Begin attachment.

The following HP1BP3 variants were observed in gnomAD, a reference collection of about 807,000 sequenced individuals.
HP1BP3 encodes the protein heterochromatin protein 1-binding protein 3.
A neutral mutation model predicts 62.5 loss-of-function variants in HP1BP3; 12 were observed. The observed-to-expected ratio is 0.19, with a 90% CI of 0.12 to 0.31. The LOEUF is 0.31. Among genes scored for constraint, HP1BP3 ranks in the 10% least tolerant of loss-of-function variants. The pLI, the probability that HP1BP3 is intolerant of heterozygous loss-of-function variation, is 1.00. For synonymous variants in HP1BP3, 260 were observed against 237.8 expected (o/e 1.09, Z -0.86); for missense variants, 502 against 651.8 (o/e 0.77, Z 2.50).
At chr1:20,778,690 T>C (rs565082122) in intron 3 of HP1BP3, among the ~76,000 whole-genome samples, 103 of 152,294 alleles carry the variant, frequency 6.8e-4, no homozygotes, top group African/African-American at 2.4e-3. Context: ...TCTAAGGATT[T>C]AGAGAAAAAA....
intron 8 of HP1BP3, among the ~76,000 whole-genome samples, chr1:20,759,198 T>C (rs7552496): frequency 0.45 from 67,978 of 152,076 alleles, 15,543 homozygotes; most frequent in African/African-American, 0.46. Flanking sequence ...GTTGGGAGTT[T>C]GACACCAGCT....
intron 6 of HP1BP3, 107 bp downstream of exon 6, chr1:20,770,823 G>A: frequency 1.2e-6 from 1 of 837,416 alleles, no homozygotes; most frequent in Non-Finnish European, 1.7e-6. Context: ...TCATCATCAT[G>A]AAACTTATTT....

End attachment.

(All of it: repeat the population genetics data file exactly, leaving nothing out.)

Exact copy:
The following HP1BP3 variants were observed in gnomAD, a reference collection of about 807,000 sequenced individuals.
HP1BP3 encodes the protein heterochromatin protein 1-binding protein 3.
A neutral mutation model predicts 62.5 loss-of-function variants in HP1BP3; 12 were observed. The observed-to-expected ratio is 0.19, with a 90% CI of 0.12 to 0.31. The LOEUF is 0.31. Among genes scored for constraint, HP1BP3 ranks in the 10% least tolerant of loss-of-function variants. The pLI, the probability that HP1BP3 is intolerant of heterozygous loss-of-function variation, is 1.00. For synonymous variants in HP1BP3, 260 were observed against 237.8 expected (o/e 1.09, Z -0.86); for missense variants, 502 against 651.8 (o/e 0.77, Z 2.50).
At chr1:20,778,690 T>C (rs565082122) in intron 3 of HP1BP3, among the ~76,000 whole-genome samples, 103 of 152,294 alleles carry the variant, frequency 6.8e-4, no homozygotes, top group African/African-American at 2.4e-3. Context: ...TCTAAGGATT[T>C]AGAGAAAAAA....
intron 8 of HP1BP3, among the ~76,000 whole-genome samples, chr1:20,759,198 T>C (rs7552496): frequency 0.45 from 67,978 of 152,076 alleles, 15,543 homozygotes; most frequent in African/African-American, 0.46. Flanking sequence ...GTTGGGAGTT[T>C]GACACCAGCT....
intron 6 of HP1BP3, 107 bp downstream of exon 6, chr1:20,770,823 G>A: frequency 1.2e-6 from 1 of 837,416 alleles, no homozygotes; most frequent in Non-Finnish European, 1.7e-6. Context: ...TCATCATCAT[G>A]AAACTTATTT....